How a 19-year-old college student is helping bring technology to developing nations

Glodie Mujinga Mulunda is the Founder and President of the Assistive Labs at Yale—an offshoot of Assistive Labs, an organization rethinking how technology is built in order to benefit children living with disabilities. This year, Mulunda has played a crucial role in aiding the Assistive Labs project as it develops a communications device for children with speech and cognitive disabilities that will be distributed throughout Rwanda. It’s a project that’s equally innovative and important, and the fact that Mulunda is a 19-year-old college student about to start her junior year at Yale makes it all the more impressive.

Mulunda’s journey to starting the a branch of Assistive Labs at her university starts, fittingly, at Chicago Ideas Week. Mulunda is a Greenhouse Scholar, and last year one of her sponsors brought her to Chicago Ideas Week, where she attended both the day-long Edison Talks as well as a Conversation about the Implications of Artificial Intelligence. After that program, Mulunda’s Greenhouse Scholar sponsor would encourage her to introduce herself to one of the panel’s speakers, Ayanna Howard, who is a Professor at the Georgia Institute of Technology. It was then, after speaking with Howard, that Mulunda would be put on the path to reach out to professors at Yale and bring Assistive Labs to her campus.

I was talking to [Howard], and after talking to her for a little while she started asking me about what I’m doing at Yale,” said Mulunda, explaining how she initially studied computer science—with the hope of bringing tech innovations to developing nations—before switching to economics. Howard encouraged her she didn’t need to pick one discipline, and that she could, instead, marry the two passions. “She said, ‘If you’re still interested in getting into this, talk to one of your professors at Yale.’ And it was one of her colleagues, Brian Scassellati.” After Mulunda connected with Scassellati and attended some of his labs, she would meet Stephanie Valencia and, together, they would found Yale’s branch of the Assistive Labs. “All of that,” said Mulunda, “That would have never, ever happened without Chicago Ideas Week.”

Mulunda is currently interning at Cleveland Neighborhood Progress, and when she return to Yale in the fall she’ll already carry an impressive list of accomplishments along with her. Born in the Democratic Republic of Congo, Mulunda’s work with Assistive Labs at Yale has allowed her to connect back to her initial goal of bringing computer science programs and innovations to countries that are often ignored. And though she switched her major at Yale, it was that conversation with Howard that made Mulunda realize it wasn’t an either-or proposition.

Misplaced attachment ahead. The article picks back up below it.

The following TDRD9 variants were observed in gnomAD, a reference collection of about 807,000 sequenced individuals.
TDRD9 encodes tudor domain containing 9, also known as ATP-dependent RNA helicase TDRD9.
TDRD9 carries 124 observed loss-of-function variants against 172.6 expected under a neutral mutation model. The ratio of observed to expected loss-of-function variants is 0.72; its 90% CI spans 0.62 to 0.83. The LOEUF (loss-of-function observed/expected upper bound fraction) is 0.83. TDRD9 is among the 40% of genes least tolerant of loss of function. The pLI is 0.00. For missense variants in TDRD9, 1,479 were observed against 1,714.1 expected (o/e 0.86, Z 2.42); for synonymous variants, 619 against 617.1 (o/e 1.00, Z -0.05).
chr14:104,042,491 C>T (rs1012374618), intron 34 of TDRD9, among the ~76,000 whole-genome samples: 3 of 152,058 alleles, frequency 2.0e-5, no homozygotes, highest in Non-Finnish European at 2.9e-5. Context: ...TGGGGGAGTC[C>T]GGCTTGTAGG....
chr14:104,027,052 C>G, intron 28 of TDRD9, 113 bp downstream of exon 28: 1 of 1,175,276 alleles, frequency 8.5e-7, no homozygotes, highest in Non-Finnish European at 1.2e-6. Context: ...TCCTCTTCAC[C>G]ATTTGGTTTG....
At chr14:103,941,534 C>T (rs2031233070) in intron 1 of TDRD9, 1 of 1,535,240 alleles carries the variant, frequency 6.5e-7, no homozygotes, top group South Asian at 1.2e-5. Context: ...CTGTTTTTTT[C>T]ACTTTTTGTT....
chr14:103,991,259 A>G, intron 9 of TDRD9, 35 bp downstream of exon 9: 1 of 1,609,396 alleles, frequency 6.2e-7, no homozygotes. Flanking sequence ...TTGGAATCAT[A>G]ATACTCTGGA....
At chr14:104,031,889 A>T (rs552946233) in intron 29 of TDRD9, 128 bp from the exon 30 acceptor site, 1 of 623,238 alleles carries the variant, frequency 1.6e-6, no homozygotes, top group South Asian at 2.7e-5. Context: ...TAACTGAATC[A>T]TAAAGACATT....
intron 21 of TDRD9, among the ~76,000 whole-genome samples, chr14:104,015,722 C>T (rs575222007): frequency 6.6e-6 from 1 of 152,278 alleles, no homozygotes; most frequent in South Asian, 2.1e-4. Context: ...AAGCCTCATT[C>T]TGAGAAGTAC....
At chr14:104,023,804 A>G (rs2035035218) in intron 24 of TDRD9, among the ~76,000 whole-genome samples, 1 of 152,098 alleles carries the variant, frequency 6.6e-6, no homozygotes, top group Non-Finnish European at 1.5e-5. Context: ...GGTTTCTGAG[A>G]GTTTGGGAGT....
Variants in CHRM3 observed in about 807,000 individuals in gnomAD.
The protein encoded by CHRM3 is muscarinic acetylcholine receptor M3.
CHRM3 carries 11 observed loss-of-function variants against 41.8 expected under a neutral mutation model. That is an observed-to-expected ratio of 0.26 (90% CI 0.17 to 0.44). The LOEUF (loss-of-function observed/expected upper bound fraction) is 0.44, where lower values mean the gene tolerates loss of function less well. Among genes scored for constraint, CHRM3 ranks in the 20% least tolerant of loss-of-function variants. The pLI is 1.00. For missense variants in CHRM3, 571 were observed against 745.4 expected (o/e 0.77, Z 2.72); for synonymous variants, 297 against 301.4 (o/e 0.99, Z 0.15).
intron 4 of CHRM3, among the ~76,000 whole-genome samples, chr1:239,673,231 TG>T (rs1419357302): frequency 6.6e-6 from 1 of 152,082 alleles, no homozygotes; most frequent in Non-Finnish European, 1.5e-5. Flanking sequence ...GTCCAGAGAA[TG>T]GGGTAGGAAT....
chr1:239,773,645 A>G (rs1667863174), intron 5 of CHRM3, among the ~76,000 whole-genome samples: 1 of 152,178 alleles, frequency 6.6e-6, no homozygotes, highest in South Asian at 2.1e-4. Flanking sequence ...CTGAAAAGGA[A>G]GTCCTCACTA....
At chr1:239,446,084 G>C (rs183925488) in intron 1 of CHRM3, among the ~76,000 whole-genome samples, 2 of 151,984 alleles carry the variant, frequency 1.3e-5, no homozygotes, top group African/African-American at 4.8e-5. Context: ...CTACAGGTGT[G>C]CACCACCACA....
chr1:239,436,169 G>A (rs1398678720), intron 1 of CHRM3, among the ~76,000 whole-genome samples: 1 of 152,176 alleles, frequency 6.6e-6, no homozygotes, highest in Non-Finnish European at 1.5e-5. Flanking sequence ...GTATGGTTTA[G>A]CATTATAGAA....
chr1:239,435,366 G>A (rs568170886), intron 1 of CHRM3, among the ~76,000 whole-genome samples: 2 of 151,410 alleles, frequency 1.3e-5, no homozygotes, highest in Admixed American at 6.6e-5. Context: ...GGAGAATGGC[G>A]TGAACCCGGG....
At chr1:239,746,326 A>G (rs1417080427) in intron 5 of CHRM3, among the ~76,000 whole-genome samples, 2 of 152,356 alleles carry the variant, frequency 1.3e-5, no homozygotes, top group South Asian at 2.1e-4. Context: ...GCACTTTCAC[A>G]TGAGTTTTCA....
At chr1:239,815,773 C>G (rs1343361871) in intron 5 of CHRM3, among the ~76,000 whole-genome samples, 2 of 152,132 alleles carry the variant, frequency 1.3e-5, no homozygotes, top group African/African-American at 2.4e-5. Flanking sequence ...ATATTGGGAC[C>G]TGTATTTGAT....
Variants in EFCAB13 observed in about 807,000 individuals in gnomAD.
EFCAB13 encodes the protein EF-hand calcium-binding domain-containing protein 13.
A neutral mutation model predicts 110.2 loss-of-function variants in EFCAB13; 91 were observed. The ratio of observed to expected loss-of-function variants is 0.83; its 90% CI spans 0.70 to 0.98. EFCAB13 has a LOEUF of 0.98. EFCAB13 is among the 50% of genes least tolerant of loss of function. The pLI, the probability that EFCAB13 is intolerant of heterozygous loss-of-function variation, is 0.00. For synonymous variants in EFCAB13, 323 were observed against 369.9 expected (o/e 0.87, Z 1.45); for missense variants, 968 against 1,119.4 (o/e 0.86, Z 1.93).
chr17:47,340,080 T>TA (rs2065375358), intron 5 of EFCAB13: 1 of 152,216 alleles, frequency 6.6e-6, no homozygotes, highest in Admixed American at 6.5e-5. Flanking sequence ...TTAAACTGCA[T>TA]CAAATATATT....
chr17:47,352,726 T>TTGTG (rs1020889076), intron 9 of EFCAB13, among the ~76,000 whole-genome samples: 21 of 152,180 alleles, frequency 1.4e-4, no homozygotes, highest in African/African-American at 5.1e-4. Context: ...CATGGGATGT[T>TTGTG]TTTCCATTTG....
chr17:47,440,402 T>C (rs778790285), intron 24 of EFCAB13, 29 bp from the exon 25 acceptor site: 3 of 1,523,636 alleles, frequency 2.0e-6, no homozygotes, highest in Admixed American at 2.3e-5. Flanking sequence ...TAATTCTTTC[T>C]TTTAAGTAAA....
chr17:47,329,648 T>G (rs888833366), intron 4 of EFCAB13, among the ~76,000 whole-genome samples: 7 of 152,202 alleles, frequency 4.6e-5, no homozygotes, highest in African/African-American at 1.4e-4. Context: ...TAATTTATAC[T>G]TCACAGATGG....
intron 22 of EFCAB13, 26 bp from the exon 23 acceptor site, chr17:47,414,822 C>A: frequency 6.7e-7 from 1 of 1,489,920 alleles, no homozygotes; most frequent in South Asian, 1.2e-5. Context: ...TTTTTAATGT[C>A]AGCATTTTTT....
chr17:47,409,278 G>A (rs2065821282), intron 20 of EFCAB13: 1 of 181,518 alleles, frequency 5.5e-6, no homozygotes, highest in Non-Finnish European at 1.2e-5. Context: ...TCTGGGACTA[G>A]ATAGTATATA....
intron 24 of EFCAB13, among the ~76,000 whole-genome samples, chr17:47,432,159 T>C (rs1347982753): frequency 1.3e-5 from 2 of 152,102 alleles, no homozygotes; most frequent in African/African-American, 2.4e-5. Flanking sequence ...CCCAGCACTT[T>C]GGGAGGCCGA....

“What Chicago Ideas creates, it makes you believe you can change the world,” said Mulunda, speaking about how the power of connection—and access to thought-provoking ideas—can push people to explore areas they never previously considered. “I was like, ‘Oh, I know about artificial intelligence,’ but stepping into that environment, that just opens up your eyes,” said Mulunda of her experience at Chicago Ideas Week. It’s why she’s become vocal about young people attending Chicago Ideas events, to leave inspired to create change and innovate. “It’s a great way to bring very inspired people together, to really challenge them to think about what’s going on in the world and how we, as individuals, impact our surroundings,” said Mulunda. “If you change one person you can keep that cycle going.”

Mulunda is working to ensure that others are brought into this cycle, sharing her story and encouraging people to constantly pursue their dreams. She reminds us that no matter how ambitious a project may seem at the outset, it’s always worth taking a first step. “There are a lot of problems in the world, but it’s only through passion and determination that we find the solutions.”

Assistive Labs is accepting donations to help fund their project in Rwanda, and you can donate here.

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